Jerks & Irks XXX: Free is, as Free Does

What happens when you tell people you’re a writer? They say:

“I’d better get a copy!”

“When do I get a copy?”

“You’re gonna give me a signed copy, right?”

Of course! My goal was NEVER to make a living!

Of course! My goal was NEVER to make a living!

Umm, what the frick, people? Hellooo! Starving artist here! Pay up! (A select handful of people say “I can’t wait to buy a copy!” And I love those people and wish I could give them all a puppy.)

And what’s worse is that most of the time, the people who assume they’re getting free copies of Blood in the Past and Blood in the Paint are in positions to give ME free stuff. And haven’t. Like my Pseudo-Boss Sandy. Every time I see her she asks to read my book. Like, right now. Like, she doesn’t even want to wait for it to be out, she wants to read it over my shoulder on my computer before I get a chance to print it out at Staples, right now. Umm, no. You have to wait. You have to buy a copy. I don’t even like you. Or, since you work at that highfalutin Racket Club, get me a membership. FREE!

Then there’s the Nail Salon Lady. When I stopped getting acrylic gel tips (aka longer, harder fake nails) she asked me why. I told her that I only wore those when I worked in the restaurant business because washing my hands a million times a day makes my nails soft and brittle. I told her that I’m writing a book now. She keeps asking where’s her copy. Umm, when it’s finished I’ll tip you a business card with a QR code on it, since you own the shop and never offered to do my pedicures for FREE. Not once. Not ever.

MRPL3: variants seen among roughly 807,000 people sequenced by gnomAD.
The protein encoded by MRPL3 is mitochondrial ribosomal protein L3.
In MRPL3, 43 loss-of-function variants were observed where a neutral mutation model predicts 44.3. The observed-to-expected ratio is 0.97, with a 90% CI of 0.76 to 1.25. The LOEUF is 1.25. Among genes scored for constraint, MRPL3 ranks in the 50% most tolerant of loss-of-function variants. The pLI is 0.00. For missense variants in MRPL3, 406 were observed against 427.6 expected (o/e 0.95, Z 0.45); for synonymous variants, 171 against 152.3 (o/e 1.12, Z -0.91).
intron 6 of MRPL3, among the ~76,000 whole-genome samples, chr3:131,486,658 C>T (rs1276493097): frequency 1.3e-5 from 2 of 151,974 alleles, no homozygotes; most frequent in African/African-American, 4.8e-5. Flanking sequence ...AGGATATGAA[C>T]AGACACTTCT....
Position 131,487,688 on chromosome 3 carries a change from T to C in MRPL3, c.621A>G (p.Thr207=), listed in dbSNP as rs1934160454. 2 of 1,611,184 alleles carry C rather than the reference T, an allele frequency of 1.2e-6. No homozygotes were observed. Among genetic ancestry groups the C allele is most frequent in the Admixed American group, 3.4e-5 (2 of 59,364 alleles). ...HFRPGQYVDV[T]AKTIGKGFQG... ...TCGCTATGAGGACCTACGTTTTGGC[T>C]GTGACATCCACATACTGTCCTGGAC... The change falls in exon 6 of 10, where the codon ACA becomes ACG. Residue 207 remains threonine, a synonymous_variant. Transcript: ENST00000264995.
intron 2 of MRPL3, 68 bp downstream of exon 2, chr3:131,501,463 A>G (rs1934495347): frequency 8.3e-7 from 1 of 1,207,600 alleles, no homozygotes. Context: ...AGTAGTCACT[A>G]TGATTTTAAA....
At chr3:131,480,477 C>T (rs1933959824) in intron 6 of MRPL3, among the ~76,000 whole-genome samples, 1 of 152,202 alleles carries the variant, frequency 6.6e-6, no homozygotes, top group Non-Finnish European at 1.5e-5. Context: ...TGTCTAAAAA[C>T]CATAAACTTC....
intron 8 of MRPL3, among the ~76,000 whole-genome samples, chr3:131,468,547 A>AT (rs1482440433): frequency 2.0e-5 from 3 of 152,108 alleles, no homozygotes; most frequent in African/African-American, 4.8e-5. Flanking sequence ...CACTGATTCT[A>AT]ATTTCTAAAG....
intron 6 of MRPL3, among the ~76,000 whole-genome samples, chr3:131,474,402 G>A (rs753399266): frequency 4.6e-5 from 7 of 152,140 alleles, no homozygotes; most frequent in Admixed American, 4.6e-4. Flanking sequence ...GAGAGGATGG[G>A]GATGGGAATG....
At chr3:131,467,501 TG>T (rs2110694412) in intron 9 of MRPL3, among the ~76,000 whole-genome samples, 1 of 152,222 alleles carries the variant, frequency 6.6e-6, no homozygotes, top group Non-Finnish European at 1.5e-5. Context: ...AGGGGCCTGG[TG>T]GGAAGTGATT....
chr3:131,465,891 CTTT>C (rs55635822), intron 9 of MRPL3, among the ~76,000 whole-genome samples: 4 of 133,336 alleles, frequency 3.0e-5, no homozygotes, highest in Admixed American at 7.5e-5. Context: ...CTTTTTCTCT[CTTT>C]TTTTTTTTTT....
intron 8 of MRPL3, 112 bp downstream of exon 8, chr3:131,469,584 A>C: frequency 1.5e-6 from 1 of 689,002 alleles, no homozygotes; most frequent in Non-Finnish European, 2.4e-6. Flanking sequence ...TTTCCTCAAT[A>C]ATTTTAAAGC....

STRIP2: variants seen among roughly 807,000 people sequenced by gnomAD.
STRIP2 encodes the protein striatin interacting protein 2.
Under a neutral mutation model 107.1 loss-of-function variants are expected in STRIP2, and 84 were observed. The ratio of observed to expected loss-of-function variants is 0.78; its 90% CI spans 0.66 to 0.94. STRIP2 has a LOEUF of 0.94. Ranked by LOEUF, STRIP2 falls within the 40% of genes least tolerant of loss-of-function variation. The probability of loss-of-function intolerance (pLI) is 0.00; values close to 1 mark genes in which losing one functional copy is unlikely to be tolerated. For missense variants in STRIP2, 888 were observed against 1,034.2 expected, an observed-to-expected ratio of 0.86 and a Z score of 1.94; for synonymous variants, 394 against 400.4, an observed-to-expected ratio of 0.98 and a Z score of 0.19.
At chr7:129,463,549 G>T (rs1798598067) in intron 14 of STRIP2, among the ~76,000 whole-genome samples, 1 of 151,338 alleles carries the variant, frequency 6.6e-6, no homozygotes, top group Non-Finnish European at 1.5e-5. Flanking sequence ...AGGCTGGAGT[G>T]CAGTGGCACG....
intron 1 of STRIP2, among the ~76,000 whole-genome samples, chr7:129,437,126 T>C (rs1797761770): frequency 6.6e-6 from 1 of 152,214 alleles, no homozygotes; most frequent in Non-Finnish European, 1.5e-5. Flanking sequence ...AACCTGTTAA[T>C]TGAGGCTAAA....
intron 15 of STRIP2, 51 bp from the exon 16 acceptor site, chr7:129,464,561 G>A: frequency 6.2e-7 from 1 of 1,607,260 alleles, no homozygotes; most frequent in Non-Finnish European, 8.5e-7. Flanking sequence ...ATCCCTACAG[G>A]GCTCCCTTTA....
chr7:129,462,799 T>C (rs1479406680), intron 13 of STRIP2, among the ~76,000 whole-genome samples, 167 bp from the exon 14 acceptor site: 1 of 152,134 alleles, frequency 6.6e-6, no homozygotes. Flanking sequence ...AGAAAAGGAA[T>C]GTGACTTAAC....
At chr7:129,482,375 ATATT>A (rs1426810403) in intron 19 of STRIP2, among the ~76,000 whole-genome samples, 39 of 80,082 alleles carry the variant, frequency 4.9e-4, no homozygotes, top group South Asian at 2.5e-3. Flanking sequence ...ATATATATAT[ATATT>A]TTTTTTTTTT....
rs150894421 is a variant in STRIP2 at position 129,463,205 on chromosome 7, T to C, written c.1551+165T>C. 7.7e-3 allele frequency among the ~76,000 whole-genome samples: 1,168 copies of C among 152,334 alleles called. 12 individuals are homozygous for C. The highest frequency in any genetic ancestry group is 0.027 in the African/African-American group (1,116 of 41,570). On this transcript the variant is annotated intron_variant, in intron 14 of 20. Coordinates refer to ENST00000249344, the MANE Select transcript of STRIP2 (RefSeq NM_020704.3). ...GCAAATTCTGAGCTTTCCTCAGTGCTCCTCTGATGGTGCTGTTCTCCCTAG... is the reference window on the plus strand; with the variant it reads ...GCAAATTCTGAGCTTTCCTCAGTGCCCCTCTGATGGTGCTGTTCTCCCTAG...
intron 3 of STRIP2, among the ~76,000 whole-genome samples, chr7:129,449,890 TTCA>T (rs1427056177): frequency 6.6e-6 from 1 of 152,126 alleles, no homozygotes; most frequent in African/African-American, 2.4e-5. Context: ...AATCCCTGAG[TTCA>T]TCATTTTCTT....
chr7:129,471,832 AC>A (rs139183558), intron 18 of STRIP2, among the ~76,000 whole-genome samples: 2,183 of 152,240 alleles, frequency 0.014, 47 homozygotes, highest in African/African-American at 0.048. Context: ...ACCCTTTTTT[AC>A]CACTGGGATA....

Does this happen to you guys? If so, how do you handle it? Especially if you’re an Indie Publisher and would have to pay for copies of your own book in order to give one away to every Tim, Dana, and Henry. (I’m a writer, can’t use the clichéd “Tom, Dick, and Harry. 😛 )

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26 thoughts on “Jerks & Irks XXX: Free is, as Free Does

  1. I have given away a lot of free books, it’s true, but luckily, many people realize that I paid for those books and am losing money. I find that by offering to sell it to them directly, instead of them having to buy it off Amazon or from my local bookstore, they are happy, because I’m selling it at such a reduced price. I don’t get much of a royalty, anyway, once the publisher and middle man get their cut, so this way, I actually get a little more per book, and the buyer gets it for several dollars cheaper, which makes them happy. Win win.

  2. Oh yes, I get that response.

    I think people expect an author is given a bunch of gratis copies, or that because the book is “yours,” you can give away as many as you want.

    People also think writers make a lot more than they do. The see it almost like winning the lottery, a massive stroke of luck with a huge windfall involved and so they sometimes get almost offended by the implication they should pay you for the book.